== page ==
2nd PUC Biology Previous Year Question Paper March 2016

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Karnataka 2nd PUC Biology Previous Year Question Paper March 2016

Time: 3 hrs 15 min
Max. Marks: 70

General Instructions

  • This question paper consists of four parts A, B, C and D. Part – D consists of two sections. Section – I and Section – II.
  • All the parts are compulsory.
  • Draw diagrams wherever necessary. Unlabelled diagrams or illustrations do not attract any marks.

Part – A

Answer the following questions in one word or one sentence each. (10 × 1 = 10)

Question 1.
Name the molecular scissors used in recombinant DNA (rDNA) technology.
REN (Restriction Endonuclease).

Question 2.
What are some clones?
Genetically identical plants produced through plant tissue culture.

Question 3.
Define reforestation.
Reforestation is the process of restoring a forest that once existed but was removed at some point of time in the past.

2nd PUC Biology Previous Year Question Paper March 2016

Question 4.
Name the enzyme by which the HIV genome replicates in the host cell.
Reverse transcriptase.

Question 5.
What is menarche?
The first menstruation begins at puberty and is called menarche.

Question 6.
Name the disease diagnosed by the Widal test.

Question 7.
Ovulation takes place on the 14th day of the menstrual cycle. Why?
Rapid secretion of LH leading to its maximum level on 14th day of a menstrual cycle called LH surge which induces rupture of Graafian follicle and thereby release of an ovum (ovulation).

Question 8.
What is Colostrum?
The milk produced during the initial few days of lactation is called colostrum which contains several antibodies absolutely essential to develop resistance to the newborn babies.

Question 9.
How do some species of insects and frogs avoid being detected easily by the predators?
Some species of insects and frogs are cryptically coloured (camouflaged) to avoid being detected easily by the predator.

2nd PUC Biology Previous Year Question Paper March 2016

Question 10.
Mention the use of statin.
Statins are used as blood cholesterol-lowering agents.

Part – B

Answer any five of the following questions in 3 to 5 sentences each: Wherever applicable: (5 × 2 = 10)

Question 11.
What is inbreeding depression? How is it controlled?
Continuous inbreeding causes inbreeding depression that reduces vigour, fertility and even productivity. It can be controlled by outbreeding or interspecific hybridisation.

Question 12.
Define biodiversity Write any two types of biodiversity.
The combined diversity at all the levels of biological organisation is biodiversity.

  • Genetic diversity
  • Species diversity

Question 13.
Why has T.H. Morgan selected fruit flies for his genetical experiments?
Morgan selected fruit flies for his genetical experiments for the following reasons:

  • They could be grown on simple synthetic medium in the laboratory.
  • They complete their life cycle in about two weeks and a single mating could produce a large number of progeny flies.
  • There was a clear differentiation of the sexes – the male and female flies.
  • It has many types of hereditary variations that can be seen with low power microscopes.

2nd PUC Biology Previous Year Question Paper March 2016

Question 14.
Differentiate seasonal breeders from continuous breeders.
Non-primates are reproductively active only in favourable seasons (oestrus period). They are known as seasonal breeders. Primates like monkeys and humans are reproductively active throughout the year. They are continuous breeders.

Question 15.
What are analogous organs? Give an example.
The organs which are different in their ground plan and structures but perform similar functions are known as analogous organs. Eg: wings of birds and insects, the tuber of potato and sweet potato.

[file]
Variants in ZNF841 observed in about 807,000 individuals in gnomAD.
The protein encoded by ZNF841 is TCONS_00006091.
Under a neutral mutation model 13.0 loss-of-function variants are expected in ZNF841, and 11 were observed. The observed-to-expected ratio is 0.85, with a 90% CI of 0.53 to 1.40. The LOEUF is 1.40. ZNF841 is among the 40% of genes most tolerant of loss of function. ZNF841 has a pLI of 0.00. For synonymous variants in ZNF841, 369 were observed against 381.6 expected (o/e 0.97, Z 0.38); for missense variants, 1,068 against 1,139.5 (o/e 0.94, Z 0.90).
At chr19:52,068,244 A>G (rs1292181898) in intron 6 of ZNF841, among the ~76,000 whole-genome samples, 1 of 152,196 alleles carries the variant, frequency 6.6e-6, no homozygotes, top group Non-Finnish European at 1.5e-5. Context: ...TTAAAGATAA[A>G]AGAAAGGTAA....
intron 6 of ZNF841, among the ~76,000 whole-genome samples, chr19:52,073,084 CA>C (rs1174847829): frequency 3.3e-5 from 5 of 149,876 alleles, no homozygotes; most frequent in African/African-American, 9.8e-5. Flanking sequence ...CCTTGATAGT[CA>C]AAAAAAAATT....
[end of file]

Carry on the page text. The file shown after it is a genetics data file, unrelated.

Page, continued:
Question 16.
Draw a neat labelled diagram of an antibody molecule.
2nd PUC Biology Previous Year Question Paper March 2016 Q16

Question 17.
Name any four recent extinct organisms as per IUCN Red List.
Dodo, Quagga, Steller’s sea cow, Thylacine.

Question 18.
Draw a neat labelled diagram of a. typical agarose gel electrophoresis.
2nd PUC Biology Previous Year Question Paper March 2016 Q18

Part – C

Answer any five of the following questions in about 40 to 80 words each wherever applicable: (5 × 3 = 15)

Question 19.
Explain in brief the separation and isolation of DNA fragments.
(a) Isolation of genetic material (DNA): In recombinant DNA technology, it is essential to isolate DNA in the pure form free from other macromolecules. Since the DNA molecule is enclosed with the membrane in the cell. we have to break open the cell to release DNA along with other macromolecules like RNA, proteins, polysaccharides and lipids. This is carried out in bacterial cells, plant and animal cells with certain enzymes.

2nd PUC Biology Previous Year Question Paper March 2016

The other macromolecules can be removed by appropriate treatment with specific enzymes. Finally, the purified DNA molecules are precipitated out after the addition of chilled ethanol and this can be seen as a collection of fine threads ¡n the suspension.

(b) Cutting of DNA at specific locations: The isolated purified DNA molecule is cut (cleaved) with the help of a suitable enzyme called restriction endonuclease, into segments with sticky ends.

(c) Gel electrophoresis: The cut DNA fragments are separated by gel electrophoresis using an agarose gel. DNA is a negatively charged molecule, hence it moves towards the positive electrode (anode).

Question 20.
Mention any three characteristics of a cancer cell?
Characteristics of cancer cells:
Anaplastic or undifferentiated cells: The cancer cells lack normal cell cycle where the daughter cells.

Immortality: These cells do not age normally and continue dividing indefinitely.

Change in the structure of cell: There is disorganization of the cytoskeleton which alters the shape of the cell.

Mitochondria swell and lack cristae. Cancer cells also show large, irregularly shaped nuclei and prominent nucleoli. There is an increase in the number of rough ER and ribosomes and further, the permeability of the plasma membrane also gets altered.

Invasiveness: Cancer cells grow by progressive infiltration, penetration and destruction of the surrounding tissues.

Question 21.
What is ecological succession? Distinguish primary succession from the secondary succession.
It is the fairly and gradual replacement of species composition in an area.